Mary Eliza Graham moved from Three Rivers, MI to Cheyenne, WY with her husband, Dr. E. B. Graham, and two daughters for his health in 1861. As most young women of that age she had learned to spin and weave and dye and sew the woven cloth, she cooked and preserved all the products grown on her family’s farm, made candles, churned butter and many other tasks that served her well in her move west. She was active in the woman’s suffrage movement with Susan B. Anthony.
When Graham homesteaded on the Niobrara River the family spent time between the O4 Ranch and Cheyenne. Mary and the two daughters, Clara and Kate, were the first women to make a permanent home in Sioux County. She later lived with her daughter Kate and James Cook after he bought the ranch and renamed it Agate Springs Ranch. She managed the household for many years, led religious services for cowboys on the ranch. She delivered babies and nursed pioneer mothers through the critical time of childbirth. Mrs. Graham typified the finest in pioneer women, bringing with her beauty, kindliness, self-sacrifice, devotion, and a pride in maintaining the best in family life, home-making and loyalty and faith in those she loved. In 1892 Mrs. Graham became the first Postmaster at the Agate Post Office and kept the first official weather station at Agate.
Her last years were spent in California near her oldest daughter, Clara Heath. Her remarkable vitality, inherited from her pioneer ancestors prolonged her life to a great age of 96. Mary Eliza Hutchinson Graham is one of America’s great women in history.
Kate Graham, the younger daughter of Dr. E. B. and Mary Graham, was a scholar and musician and taught herself French. She married James Cook, an adventurer and forward thinking man whom the family met in Cheyenne. Kate and James first lived in New Mexico on a ranch that he managed then came back to Sioux County where they bought the ranch from her father and changed the name to Agate Springs Ranch. She had found fossils near the Agate Fossil Hills and shared that with James who later contacted the early paleontologists. They had two sons, Harold and John, and she ran the household and raised the two boys facing wolves, rattlesnakes, and ranch debt until she became ill in 1909. She was quite a horsewoman and once road a bucking horse, sidesaddle, down the streets of Cheyenne. The family rode together at the ranch where Kate sometimes road Billy American Horse, a gift from American Horse.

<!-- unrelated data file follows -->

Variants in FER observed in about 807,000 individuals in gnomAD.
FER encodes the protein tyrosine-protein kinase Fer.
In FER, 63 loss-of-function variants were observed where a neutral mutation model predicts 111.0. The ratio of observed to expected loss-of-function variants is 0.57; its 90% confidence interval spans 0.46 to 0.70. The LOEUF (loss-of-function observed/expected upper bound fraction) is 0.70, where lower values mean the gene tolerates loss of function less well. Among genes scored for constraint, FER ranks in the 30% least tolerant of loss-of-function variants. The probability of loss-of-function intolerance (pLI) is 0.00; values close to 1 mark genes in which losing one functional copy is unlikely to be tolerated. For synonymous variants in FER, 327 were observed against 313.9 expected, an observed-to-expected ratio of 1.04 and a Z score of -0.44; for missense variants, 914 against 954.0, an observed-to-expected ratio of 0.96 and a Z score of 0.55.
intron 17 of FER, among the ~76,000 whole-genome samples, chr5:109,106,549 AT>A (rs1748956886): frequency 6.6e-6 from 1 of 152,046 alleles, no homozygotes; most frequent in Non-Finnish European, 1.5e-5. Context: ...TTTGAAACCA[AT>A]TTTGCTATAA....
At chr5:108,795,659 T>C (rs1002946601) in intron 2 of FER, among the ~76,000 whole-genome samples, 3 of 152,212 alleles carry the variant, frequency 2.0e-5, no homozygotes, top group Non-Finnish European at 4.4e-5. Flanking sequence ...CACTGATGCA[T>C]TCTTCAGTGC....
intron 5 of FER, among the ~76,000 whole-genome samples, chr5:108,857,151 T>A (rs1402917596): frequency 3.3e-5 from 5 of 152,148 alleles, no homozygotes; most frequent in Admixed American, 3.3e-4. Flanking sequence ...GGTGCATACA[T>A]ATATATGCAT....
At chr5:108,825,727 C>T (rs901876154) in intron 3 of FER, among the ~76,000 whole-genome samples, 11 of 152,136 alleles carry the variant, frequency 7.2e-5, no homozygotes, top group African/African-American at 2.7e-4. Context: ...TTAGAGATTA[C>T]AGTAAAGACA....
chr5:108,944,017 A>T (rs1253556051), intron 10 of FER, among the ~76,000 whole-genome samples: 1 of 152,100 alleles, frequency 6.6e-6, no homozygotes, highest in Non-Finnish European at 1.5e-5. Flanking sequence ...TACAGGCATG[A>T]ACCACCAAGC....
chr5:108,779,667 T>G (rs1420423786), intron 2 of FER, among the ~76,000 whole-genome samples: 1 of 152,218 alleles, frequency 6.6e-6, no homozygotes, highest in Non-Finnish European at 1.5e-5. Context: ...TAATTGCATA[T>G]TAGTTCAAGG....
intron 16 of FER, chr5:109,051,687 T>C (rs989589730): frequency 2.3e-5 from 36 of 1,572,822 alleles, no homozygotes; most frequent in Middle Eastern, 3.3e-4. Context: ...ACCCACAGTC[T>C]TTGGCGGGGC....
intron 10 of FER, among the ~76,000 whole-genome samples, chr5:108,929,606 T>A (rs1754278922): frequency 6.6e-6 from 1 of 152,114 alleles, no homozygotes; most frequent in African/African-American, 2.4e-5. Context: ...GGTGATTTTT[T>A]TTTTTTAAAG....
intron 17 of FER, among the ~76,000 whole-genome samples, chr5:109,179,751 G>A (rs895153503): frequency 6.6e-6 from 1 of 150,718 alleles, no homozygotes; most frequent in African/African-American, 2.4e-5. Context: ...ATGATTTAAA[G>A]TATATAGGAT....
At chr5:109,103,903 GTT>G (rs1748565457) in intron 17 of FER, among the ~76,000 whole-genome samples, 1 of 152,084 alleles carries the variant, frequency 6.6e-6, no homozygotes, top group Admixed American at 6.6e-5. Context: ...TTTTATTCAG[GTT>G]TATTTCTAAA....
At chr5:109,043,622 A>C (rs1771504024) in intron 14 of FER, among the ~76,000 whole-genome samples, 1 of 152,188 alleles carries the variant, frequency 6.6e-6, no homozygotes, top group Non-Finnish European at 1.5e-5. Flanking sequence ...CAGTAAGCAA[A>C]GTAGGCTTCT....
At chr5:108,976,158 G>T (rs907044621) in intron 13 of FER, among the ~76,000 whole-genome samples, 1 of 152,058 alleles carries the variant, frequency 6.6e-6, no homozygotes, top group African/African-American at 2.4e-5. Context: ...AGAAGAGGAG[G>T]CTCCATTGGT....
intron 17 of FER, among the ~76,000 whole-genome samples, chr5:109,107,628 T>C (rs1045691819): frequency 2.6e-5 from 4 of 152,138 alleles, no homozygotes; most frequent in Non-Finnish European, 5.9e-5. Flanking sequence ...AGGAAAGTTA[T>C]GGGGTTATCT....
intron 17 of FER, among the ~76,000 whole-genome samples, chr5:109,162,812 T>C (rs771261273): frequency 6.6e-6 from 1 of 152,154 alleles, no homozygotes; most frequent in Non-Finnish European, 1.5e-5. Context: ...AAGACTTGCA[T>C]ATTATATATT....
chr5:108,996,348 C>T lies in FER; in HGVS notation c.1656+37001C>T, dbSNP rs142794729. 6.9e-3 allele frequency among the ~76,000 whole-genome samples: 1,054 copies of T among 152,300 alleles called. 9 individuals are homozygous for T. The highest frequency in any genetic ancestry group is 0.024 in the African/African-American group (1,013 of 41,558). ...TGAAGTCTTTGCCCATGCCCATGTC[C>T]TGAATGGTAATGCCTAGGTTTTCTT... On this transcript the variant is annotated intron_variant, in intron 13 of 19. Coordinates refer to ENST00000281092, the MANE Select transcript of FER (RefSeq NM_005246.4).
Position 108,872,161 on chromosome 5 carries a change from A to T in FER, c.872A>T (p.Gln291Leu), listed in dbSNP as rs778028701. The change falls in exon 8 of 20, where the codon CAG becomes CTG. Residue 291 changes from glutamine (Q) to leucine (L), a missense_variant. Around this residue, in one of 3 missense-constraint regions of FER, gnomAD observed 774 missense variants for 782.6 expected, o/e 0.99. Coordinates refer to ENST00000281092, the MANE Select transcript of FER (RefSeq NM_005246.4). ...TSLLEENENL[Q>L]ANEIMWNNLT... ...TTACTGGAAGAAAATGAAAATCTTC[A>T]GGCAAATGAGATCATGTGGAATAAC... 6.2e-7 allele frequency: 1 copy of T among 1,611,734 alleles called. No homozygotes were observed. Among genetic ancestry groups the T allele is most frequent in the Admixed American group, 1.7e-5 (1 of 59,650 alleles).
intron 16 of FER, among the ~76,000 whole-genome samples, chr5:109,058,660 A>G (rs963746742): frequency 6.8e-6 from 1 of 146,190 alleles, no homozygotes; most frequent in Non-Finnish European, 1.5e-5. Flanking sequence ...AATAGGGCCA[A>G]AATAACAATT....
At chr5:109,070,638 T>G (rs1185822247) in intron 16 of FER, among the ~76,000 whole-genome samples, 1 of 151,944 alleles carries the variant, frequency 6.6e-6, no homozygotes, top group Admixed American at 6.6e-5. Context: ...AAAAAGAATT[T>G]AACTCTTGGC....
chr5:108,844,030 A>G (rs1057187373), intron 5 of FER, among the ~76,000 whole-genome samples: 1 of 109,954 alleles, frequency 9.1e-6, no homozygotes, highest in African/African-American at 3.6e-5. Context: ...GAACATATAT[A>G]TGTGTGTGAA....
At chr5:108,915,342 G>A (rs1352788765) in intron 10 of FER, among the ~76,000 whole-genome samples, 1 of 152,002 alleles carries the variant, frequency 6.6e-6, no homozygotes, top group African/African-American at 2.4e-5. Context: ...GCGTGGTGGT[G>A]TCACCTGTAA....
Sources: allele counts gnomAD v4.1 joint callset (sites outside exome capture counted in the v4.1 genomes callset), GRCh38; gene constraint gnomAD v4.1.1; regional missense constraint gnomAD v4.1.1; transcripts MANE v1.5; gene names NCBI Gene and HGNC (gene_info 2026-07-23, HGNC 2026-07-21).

Eleanor Barbour was an educated woman, with passions in geology, paleontology, and music. She was raised in a scientifically active household, after all. She was the daughter of E.H. Barbour, Director of the Nebraska State Museum at the University of Nebraska. Through her father, she met and later married Harold Cook, son of James Cook. Harold and his father owned and operated the Agate Springs Ranch, home of the fossil beds the Park Service now protects.
She had a distinguished record at the University and had studied abroad. The years that Harold and Eleanor were married and lived in “Agate East,” where the monument sits today were the heyday of fossil collecting at the quarries.
Eleanor threw herself into her complex role at Agate – part housewife and mother, part scientific peer -- with intelligence and humor. Later, she taught English, Geology, and Paleontology at Nebraska State Normal College in Chadron (now called Chadron State College). She worked in the field and took her students on excursions to the Agate Fossil Hills. At the request of College President Robert Elliott, she helped gather geologic and paleontological material to open their Museum of Geology. She became curator of that museum, which later became The Eleanor Barbour Cook Museum of Geology, which still inspires and educates college students and the public today.
Eleanor Barbour Cook’s aunt Carrie was a small woman and not very robust and was discouraged against taking college courses so studied at an art school and taught wood carving and china painting. During her free time she assisted at the museum that she and her brother Erwin formed. Fossils fascinated her and through her collaboration with Erwin she became a “preparatory” of fossil specimens that arrived from the field. Working on slabs of sandstone and clay she dug the bones from them, fitting together with expert fingers the shattered fragments of bone. She also wrote articles for scientific journals about the expeditions of the University of Nebraska. She passed away in 1942 after 49 years in the field of paleontology.
Last updated: March 8, 2023